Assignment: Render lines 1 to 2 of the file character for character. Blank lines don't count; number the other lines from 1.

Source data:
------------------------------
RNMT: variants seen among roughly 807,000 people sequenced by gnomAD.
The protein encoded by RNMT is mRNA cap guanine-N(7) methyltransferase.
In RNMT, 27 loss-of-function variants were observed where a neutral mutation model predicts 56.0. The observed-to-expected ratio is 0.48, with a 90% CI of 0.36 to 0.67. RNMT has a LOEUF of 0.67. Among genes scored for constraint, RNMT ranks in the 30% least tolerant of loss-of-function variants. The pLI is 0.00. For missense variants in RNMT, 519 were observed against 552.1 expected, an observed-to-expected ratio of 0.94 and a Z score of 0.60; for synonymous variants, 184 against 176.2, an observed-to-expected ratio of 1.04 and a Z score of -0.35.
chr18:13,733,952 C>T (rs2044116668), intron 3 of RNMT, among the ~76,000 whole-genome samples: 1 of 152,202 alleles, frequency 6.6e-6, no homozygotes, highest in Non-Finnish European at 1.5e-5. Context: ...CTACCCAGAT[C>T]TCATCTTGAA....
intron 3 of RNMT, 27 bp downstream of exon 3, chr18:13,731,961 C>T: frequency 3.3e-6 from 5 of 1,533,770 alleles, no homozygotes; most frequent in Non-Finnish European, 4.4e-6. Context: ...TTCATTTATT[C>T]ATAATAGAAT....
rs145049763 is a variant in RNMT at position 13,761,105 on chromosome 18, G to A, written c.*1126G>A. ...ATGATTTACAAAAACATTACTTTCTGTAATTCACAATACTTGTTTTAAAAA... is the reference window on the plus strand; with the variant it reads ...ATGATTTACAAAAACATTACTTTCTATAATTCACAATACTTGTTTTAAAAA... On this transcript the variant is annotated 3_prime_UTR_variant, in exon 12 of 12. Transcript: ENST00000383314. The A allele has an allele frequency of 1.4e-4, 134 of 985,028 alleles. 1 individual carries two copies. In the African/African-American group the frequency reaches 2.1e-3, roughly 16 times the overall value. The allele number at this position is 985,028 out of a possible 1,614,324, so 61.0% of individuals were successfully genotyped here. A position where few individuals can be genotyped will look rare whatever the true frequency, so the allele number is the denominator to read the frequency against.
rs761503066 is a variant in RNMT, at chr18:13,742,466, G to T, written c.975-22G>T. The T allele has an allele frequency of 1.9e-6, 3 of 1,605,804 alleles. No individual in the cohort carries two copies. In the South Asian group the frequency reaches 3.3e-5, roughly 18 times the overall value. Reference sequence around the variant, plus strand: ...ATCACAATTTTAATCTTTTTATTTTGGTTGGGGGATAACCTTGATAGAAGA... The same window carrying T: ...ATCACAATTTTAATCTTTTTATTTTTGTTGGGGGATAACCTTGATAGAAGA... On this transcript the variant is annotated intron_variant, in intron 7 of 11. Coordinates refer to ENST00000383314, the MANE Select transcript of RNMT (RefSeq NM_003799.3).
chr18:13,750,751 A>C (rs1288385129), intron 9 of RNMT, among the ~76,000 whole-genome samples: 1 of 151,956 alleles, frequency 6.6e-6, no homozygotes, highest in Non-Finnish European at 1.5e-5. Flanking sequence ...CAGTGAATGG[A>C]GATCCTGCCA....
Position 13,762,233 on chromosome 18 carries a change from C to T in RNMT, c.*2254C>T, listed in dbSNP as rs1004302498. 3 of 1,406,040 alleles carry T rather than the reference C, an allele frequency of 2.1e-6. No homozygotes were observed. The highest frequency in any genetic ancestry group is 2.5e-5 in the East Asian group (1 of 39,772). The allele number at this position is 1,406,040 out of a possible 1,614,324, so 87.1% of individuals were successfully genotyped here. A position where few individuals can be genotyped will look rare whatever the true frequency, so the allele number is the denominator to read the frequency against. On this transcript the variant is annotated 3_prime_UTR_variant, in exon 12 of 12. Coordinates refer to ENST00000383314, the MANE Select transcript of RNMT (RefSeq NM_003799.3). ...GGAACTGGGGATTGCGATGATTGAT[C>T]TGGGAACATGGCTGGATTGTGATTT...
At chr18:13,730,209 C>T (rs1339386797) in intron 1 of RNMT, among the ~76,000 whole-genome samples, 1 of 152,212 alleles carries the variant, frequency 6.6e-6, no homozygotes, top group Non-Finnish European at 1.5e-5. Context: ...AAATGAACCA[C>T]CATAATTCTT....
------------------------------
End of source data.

RNMT: variants seen among roughly 807,000 people sequenced by gnomAD.
The protein encoded by RNMT is mRNA cap guanine-N(7) methyltransferase.